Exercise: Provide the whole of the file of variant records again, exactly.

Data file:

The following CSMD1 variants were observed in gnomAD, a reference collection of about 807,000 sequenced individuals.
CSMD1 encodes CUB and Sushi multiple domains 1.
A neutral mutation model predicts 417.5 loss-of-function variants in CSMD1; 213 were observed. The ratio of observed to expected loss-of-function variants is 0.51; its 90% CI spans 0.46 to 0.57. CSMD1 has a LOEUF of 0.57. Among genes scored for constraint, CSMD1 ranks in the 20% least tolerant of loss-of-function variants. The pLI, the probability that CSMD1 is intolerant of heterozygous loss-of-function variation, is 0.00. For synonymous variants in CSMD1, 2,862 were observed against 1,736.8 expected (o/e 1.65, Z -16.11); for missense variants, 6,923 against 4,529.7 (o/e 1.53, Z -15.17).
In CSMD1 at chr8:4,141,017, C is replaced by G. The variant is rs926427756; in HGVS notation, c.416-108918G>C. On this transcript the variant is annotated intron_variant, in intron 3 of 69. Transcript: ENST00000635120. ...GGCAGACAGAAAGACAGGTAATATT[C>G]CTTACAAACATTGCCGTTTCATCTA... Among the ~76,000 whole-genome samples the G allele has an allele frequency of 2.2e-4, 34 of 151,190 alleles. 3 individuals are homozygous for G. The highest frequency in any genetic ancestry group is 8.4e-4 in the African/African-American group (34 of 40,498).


The following CSMD1 variants were observed in gnomAD, a reference collection of about 807,000 sequenced individuals.
CSMD1 encodes CUB and Sushi multiple domains 1.
A neutral mutation model predicts 417.5 loss-of-function variants in CSMD1; 213 were observed. The ratio of observed to expected loss-of-function variants is 0.51; its 90% CI spans 0.46 to 0.57. CSMD1 has a LOEUF of 0.57. Among genes scored for constraint, CSMD1 ranks in the 20% least tolerant of loss-of-function variants. The pLI, the probability that CSMD1 is intolerant of heterozygous loss-of-function variation, is 0.00. For synonymous variants in CSMD1, 2,862 were observed against 1,736.8 expected (o/e 1.65, Z -16.11); for missense variants, 6,923 against 4,529.7 (o/e 1.53, Z -15.17).
In CSMD1 at chr8:4,141,017, C is replaced by G. The variant is rs926427756; in HGVS notation, c.416-108918G>C. On this transcript the variant is annotated intron_variant, in intron 3 of 69. Transcript: ENST00000635120. ...GGCAGACAGAAAGACAGGTAATATT[C>G]CTTACAAACATTGCCGTTTCATCTA... Among the ~76,000 whole-genome samples the G allele has an allele frequency of 2.2e-4, 34 of 151,190 alleles. 3 individuals are homozygous for G. The highest frequency in any genetic ancestry group is 8.4e-4 in the African/African-American group (34 of 40,498).